Oil capped its longest rally in more than a year as Iran threatened to block transportation through the Strait of Hormuz and confidence among U.S. consumers beat expectations in December.
Crude settled at the highest level in six weeks after Iran’s official Islamic Republic News Agency cited Vice President Mohammad Reza Rahimi as saying the country would bar shipments through the strait if sanctions are imposed on its oil exports. Futures also rose as the Conference Board’s index reached the highest level since April.
“The Iranian threats are getting increasingly bold,” said Jason Schenker, president of Prestige Economics LLC, an Austin, Texas-based energy consultant. “The threat doesn’t have to be likely to have an impact on the market, because if it were to be carried out it would potentially be huge.”
Oil for February delivery rose $1.66, or 1.7 percent, to $101.34 a barrel on the New York Mercantile Exchange, the highest settlement since Nov. 16. Crude has advanced for six consecutive sessions, the longest rally since a period ended Nov. 8, 2010. Futures have climbed 11 percent this year after increasing 15 percent in 2010.
Brent oil for February settlement gained $1.31, or 1.2 percent, to $109.27 a barrel on the London-based ICE Futures Europe exchange. The European contract’s premium to crude in New York was $7.93 a barrel, the smallest differential based on settlement prices since Jan. 20.
Markets in New York and London were shut yesterday because of the observance of Christmas and will be closed on Jan. 2 for New Year’s Day.
Oil surged on what is one of the year’s slowest trading days. Volume on the Nymex totaled 190,429 contracts as of 3:43 p.m. Volume was 167,547 on Dec. 23, the lowest level since Dec. 26, 2008, and down 73 percent from the average of the past three months. Open interest was 1.31 million contracts.
“A lot of people are on vacation this week,” said Peter Beutel, president of trading advisory company Cameron Hanover Inc. in New Canaan, Connecticut. “Volume will remain light until Jan. 3. We can expect to see exaggerated price moves until things pick up next week.”
About 15.5 million barrels of oil a day, or a sixth of global consumption, passes through the Strait of Hormuz between Iran and Oman at the mouth of the Persian Gulf, according to the U.S. Energy Department.
Iran is attempting to “distract attention” from its nuclear program by threatening to block oil shipments through the strait, Mark Toner, a State Department spokesman, said at a briefing today in Washington.
Oil increased 2.4 percent in New York on Dec. 13 after Iran announced plans for military exercises in the strait, a critical waterway for crude shipments, as the U.S. and its allies threatened to bolster sanctions because of the Persian Gulf country’s nuclear program.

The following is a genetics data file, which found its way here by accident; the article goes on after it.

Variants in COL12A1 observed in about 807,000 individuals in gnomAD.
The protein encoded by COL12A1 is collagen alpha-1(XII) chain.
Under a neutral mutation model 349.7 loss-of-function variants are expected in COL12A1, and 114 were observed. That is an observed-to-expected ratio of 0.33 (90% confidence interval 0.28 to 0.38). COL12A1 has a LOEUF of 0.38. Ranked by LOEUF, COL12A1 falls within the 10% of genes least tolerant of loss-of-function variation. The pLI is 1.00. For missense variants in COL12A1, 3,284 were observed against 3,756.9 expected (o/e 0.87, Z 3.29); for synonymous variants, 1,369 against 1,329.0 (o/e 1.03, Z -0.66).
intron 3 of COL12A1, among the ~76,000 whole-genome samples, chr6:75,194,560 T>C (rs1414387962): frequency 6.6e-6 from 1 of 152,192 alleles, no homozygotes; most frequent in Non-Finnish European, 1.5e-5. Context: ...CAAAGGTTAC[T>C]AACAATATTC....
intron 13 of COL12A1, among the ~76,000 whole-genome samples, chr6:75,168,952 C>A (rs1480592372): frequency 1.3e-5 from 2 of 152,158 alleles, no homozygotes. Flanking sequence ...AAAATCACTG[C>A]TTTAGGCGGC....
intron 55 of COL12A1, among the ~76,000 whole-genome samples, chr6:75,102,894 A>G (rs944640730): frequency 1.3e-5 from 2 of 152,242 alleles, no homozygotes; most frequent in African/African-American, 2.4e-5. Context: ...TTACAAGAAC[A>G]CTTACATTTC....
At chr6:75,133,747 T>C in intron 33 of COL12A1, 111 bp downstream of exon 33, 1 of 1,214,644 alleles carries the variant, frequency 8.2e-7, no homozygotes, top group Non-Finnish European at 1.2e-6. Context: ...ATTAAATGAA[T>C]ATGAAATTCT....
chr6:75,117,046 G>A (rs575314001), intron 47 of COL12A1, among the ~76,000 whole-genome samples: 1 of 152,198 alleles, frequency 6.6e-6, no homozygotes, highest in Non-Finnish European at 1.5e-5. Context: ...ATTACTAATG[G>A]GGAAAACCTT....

The Iranian navy started a 10-day exercise east of the passage that involved the use of submarines, ground-to-sea missile systems and torpedoes, Press TV said Dec. 24.
“The tanker market is pretty quiet,” said Basil Karatzas, chief executive officer of New York-based shipbroker Karatzas Marine Advisors. “Iran can only close the strait by force and I don’t think they are ready for a war.”
Iran pumped 3.56 million barrels a day of oil in November, according to Bloomberg News estimates, trailing only Saudi Arabia among members of the Organization of Petroleum Exporting Countries. Iran is trying to reduce its dependence on fuel imports as international sanctions over its nuclear program block foreign companies from doing business there.
“Iran needs petrodollars and petroleum product imports more than we need its oil,” said Stephen Schork, president of Schork Group Inc. in Villanova, Pennsylvania. “Blocking the Strait of Hormuz would probably trigger a war” with the U.S. and neighboring Arab countries, he said.
The U.S. consumer confidence measure increased to 64.5 from a revised 55.2 reading in November. It exceeded all forecasts in a Bloomberg survey, which had a median estimate of 58.9 based on the responses of 69 economists.
“The consumer confidence numbers are very strong and gave the market a push,” Schork said.
Tensions between Iraqi Prime Minister Nouri al-Maliki’s Shiite-led allies and Sunni politicians have intensified since a warrant was issued last week for the arrest of Vice President Tariq al-Hashimi, a Sunni. The case comes amid concern that the pullout of U.S. forces will leave a security vacuum in Iraq, which holds the world’s fifth-largest crude reserves.
Syria began withdrawing troops from the center of Homs as the Arab League deployed observers to monitor unrest that has killed thousands. Violence in other areas of the country left at least 16 people dead early today, mostly in the countryside outside Damascus, said Ammar Qurabi, head of the Syrian National Organization for Human Rights.
“The market is creeping higher amid tension in the Middle East,” said Tom Bentz, a director with BNP Paribas Prime Brokerage Inc. in New York. “We are following news in Iran, Iraq and Syria at the moment. There’s a potential that the situation in one of these countries will worsen.”
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